Have a glass of wine and add the remainder to the pot. While you’re there you can chuck in the bouquet garni and stock. Cover the pot and whack it in the oven at 180C for 1.5 or so hours. Just enough time to get well on the way to being jolly pissed.
Alright. Concentrate now. One more thing to do…
Bring the pot out of the oven and remove chicken.
Place pot on low-medium heat and slowly whisk in the flour slurry.
Cook out for a couple of minutes so you are not eating raw flour sauce.
Now add your chicken back into the sauce and serve with something potatoey if you’re feeling it, or just by itself is fine too.
Garnish with a little parsley and some bread of your choosing to mop up the juices.
Get in there.
Laksa is traditionally made using candlenuts in the paste, but there are macadamias lining the streets up here so I’ve oft subbed them in very successfully.
Also, in another development in the world of substitutions, the paste section of the recipe could be subbed out for a store bought paste if you are time-poor. Please note though; the store bought paste will not come off the bench to a standing applause like the macadamias would. Don’t get me wrong, Mr store paste will still get a couple of cheers from a few drunkards down the front, it’s just not going to be the full John Farnham coming onto stage at his third “final goodbyes” tour standing ovation.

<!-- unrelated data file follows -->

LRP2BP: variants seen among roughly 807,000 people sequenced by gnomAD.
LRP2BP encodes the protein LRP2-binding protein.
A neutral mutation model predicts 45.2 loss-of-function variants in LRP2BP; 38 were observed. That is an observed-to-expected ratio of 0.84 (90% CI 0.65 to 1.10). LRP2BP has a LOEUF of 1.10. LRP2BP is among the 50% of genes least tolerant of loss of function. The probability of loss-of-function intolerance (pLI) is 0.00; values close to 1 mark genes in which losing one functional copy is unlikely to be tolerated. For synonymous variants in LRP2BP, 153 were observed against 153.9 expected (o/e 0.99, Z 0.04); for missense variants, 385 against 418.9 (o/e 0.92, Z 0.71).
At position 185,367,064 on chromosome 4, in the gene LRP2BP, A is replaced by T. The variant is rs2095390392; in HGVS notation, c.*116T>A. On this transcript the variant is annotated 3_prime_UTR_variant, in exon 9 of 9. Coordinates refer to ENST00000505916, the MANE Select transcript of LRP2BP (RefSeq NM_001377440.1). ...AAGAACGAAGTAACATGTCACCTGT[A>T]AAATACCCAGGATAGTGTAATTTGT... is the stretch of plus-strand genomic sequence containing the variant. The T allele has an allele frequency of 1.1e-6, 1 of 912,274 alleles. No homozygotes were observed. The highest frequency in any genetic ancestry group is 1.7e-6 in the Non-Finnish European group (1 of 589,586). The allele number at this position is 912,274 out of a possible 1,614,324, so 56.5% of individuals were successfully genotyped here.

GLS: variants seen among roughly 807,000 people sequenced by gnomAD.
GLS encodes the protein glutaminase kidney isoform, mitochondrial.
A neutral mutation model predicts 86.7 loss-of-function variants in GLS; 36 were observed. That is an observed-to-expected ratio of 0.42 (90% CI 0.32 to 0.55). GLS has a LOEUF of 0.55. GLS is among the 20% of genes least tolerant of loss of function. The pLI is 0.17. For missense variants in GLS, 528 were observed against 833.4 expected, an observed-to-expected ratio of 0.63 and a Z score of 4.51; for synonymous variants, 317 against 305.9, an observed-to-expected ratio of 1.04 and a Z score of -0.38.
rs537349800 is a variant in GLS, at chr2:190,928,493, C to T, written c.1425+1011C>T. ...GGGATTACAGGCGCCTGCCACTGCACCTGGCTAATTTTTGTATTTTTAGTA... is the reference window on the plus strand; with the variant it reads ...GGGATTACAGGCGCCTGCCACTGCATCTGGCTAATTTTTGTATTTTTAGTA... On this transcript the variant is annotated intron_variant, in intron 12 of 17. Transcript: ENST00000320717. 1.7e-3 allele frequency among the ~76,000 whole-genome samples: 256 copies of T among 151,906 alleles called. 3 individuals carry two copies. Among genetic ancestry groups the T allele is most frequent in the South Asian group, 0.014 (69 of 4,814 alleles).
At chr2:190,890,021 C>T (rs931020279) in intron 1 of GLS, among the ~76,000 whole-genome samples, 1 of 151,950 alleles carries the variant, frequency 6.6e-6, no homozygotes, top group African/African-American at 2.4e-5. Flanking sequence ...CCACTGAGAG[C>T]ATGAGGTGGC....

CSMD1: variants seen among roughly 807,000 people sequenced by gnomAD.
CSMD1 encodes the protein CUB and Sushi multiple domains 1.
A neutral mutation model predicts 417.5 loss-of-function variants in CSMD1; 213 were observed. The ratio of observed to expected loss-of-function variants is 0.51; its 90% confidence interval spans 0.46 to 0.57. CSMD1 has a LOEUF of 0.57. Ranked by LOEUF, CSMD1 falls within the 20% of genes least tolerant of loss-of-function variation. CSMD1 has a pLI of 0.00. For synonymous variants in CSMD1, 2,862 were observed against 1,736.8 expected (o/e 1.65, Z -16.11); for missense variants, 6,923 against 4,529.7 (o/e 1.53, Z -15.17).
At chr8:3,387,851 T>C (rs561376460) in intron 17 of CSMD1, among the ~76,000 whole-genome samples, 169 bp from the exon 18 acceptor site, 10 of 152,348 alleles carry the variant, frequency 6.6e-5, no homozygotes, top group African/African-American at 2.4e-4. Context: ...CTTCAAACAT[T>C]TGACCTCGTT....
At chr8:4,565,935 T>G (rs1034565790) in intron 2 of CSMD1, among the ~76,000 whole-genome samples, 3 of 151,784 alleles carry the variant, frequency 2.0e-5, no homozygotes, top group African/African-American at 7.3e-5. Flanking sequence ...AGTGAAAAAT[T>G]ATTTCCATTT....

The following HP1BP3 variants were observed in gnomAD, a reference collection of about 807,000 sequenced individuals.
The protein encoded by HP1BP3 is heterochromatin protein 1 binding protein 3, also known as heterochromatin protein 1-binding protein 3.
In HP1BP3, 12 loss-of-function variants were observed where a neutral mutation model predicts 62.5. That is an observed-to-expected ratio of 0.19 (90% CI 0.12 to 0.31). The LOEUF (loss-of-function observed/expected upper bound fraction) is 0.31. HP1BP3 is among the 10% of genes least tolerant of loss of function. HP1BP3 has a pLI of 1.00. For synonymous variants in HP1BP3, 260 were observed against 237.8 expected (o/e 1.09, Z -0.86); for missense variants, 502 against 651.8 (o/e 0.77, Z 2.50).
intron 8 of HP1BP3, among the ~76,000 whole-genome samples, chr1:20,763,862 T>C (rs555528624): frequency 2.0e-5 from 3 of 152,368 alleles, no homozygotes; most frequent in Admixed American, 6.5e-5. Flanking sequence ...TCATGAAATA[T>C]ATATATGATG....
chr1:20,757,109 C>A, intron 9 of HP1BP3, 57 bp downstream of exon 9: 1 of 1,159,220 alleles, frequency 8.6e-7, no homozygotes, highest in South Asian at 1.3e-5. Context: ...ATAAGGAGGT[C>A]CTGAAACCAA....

Anything you can’t find at a supermarket is no doubt at your local asian grocery store. While you’re there you should grab yourself something else you have never seen before and work out how to use it.
LAKSA WITH FRIED CHICKEN & TOFU PUFFS
(serves 4 – 6)
1 onion, diced
6 garlic cloves, peeled
8 dried long red chilli, rehydrated in enough hot water to cover
1 thumb sized knob tumeric, roughly chopped
1 thumb sized knob galangal, roughly chopped
1 teaspoon shrimp paste
2 teaspoon ground coriander
1 teaspoon ground cumin
1 teaspoon sweet paprika
5 coriander root, roughly chopped
4 stalks lemon grass, white part only, roughly chopped